Maximizing the Lifetime and Usefulness of Lithium-ion Batteries – AI Monitoring Technologies that Support Batteries Extended Service Life

2023/01/13 Toshiba Clip Team

  • Improving the efficiency and service life of battery systems is essential for effective use of renewable energy.
  • An-easy-to-understand explanation of service life monitoring technologies for rechargeable batteries.
  • Like tailor-made insurance service, utilization of data is the key to capture rechargeable battery market.
Maximizing the Lifetime and Usefulness of Lithium-ion Batteries – AI Monitoring Technologies that Support Batteries Extended Service Life

The Glasgow Climate Accord was adopted at the 26th Conference of the Parties (COP26) to the United Nations Framework Convention on Climate Change (UNFCCC) held in Glasgow in the UK. The accord incorporated efforts to limit the increase in global average temperatures by 2100 to within 1.5 degrees Celsius of pre-industrial levels. The most realistic way to achieve this is by advancing the transition to renewable energy sources.


Although renewable energy is sustainable, the amount of electricity that it generates is easily affected by natural conditions, so in order to ensure a stable supply of electricity, there is a need to adjust supply and demand by moving electricity in and out of rechargeable batteries. So how can we improve the efficiency and service life of battery systems to expand the roll-out of renewable energy and help it take root as public infrastructure? We spoke with Takahiro Yamamoto from the System AI Laboratory at Toshiba’s Corporate Research & Development Center, who is developing technology for monitoring battery systems.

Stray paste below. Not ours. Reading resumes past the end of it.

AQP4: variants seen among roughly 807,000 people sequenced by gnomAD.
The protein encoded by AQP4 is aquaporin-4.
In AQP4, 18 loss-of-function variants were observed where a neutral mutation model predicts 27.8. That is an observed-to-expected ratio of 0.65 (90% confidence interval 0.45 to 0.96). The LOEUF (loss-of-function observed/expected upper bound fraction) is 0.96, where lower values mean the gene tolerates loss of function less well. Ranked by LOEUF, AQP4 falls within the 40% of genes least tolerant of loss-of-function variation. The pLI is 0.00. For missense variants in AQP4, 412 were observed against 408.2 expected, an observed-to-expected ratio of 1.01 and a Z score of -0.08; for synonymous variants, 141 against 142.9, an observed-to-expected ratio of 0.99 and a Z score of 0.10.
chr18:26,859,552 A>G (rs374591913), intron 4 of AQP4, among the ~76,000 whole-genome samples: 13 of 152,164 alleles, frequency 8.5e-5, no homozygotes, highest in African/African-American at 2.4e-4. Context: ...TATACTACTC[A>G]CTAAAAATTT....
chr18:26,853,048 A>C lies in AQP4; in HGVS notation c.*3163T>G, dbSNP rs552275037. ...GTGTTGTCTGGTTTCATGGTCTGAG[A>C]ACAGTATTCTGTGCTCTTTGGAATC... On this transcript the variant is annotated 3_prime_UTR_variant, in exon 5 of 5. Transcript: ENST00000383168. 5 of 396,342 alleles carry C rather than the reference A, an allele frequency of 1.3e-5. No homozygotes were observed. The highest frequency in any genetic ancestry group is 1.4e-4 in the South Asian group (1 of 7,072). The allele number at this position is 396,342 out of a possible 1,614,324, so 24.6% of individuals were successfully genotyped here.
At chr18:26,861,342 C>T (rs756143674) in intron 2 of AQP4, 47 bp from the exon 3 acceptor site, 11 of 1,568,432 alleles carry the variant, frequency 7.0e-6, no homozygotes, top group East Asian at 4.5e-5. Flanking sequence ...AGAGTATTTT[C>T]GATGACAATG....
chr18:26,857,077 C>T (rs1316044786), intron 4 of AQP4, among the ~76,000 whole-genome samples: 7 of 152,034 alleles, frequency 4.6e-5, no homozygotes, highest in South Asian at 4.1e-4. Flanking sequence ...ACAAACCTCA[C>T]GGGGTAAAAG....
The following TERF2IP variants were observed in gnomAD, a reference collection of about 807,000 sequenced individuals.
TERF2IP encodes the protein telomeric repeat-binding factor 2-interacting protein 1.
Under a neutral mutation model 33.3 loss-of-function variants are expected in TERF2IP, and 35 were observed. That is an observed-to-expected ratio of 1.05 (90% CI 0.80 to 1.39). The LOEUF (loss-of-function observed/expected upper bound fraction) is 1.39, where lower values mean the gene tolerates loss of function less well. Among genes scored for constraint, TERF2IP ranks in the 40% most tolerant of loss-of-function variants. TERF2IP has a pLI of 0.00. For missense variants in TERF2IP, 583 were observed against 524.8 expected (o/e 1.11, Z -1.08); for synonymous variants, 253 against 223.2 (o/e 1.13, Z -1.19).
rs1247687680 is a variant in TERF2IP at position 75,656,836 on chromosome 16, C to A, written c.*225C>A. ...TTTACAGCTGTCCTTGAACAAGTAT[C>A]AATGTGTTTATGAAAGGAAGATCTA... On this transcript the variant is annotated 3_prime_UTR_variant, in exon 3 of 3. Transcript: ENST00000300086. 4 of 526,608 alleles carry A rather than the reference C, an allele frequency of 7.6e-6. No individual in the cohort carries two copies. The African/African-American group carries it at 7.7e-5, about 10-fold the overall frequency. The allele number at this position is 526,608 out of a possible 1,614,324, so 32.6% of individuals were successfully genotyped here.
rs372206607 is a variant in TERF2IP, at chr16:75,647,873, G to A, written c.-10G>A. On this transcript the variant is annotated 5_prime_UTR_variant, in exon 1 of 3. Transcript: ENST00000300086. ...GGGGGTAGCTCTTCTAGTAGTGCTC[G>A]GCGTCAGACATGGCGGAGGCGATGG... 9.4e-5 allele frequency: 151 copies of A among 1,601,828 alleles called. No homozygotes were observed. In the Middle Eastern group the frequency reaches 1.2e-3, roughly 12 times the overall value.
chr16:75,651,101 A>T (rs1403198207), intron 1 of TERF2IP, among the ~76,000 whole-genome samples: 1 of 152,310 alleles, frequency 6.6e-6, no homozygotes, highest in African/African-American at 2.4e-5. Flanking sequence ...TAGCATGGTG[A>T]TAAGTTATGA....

COP26 Glasgow Climate Accord boosts demand for renewable energy and rechargeable batteries

“Rechargeable batteries used for electrical power and other public infrastructure can’t be thought of in the same way as something like a smartphone, where you can say ‘Well, the battery didn’t last a day, but never mind.’” Yamamoto explains.

Renewable energy is essential for achieving carbon neutrality, and rechargeable batteries will play an essential role in its widespread adoption. However, if they are not used properly, they will be discarded when they degrade, replacements will be manufactured and once again consumed, leading to an ever-increasing burden on the global environment.

“Renewable energy output is subject to large fluctuations due to weather conditions,” says Yamamoto. “When the supply and demand balance fluctuates in this way, current frequencies changes, and if that electricity is fed into the grid it will cause instability. It is important to have battery systems that adjust and stabilize the grid by feeding power in and out. However, production and installation of rechargeable batteries costs a lot of money, which has slowed the progress of their wider use. The ideal now is to inspect and maintain battery systems properly once they are installed, and to use batteries throughout their service life to the end, and keep costs down.

There are also a number of other challenges that need to be addressed, including methods of waste disposal and difficulties in procuring the lithium and other resources needed to produce the batteries. As Yamamoto explains, to overcome these challenges and accelerate the use of renewable energy, it is extremely important to maintain and inspect batteries to improve their efficiency and service life as a system. Maintenance and inspection sounds like a simple task, but it is a very delicate and complex process that requires a high level of technical expertise.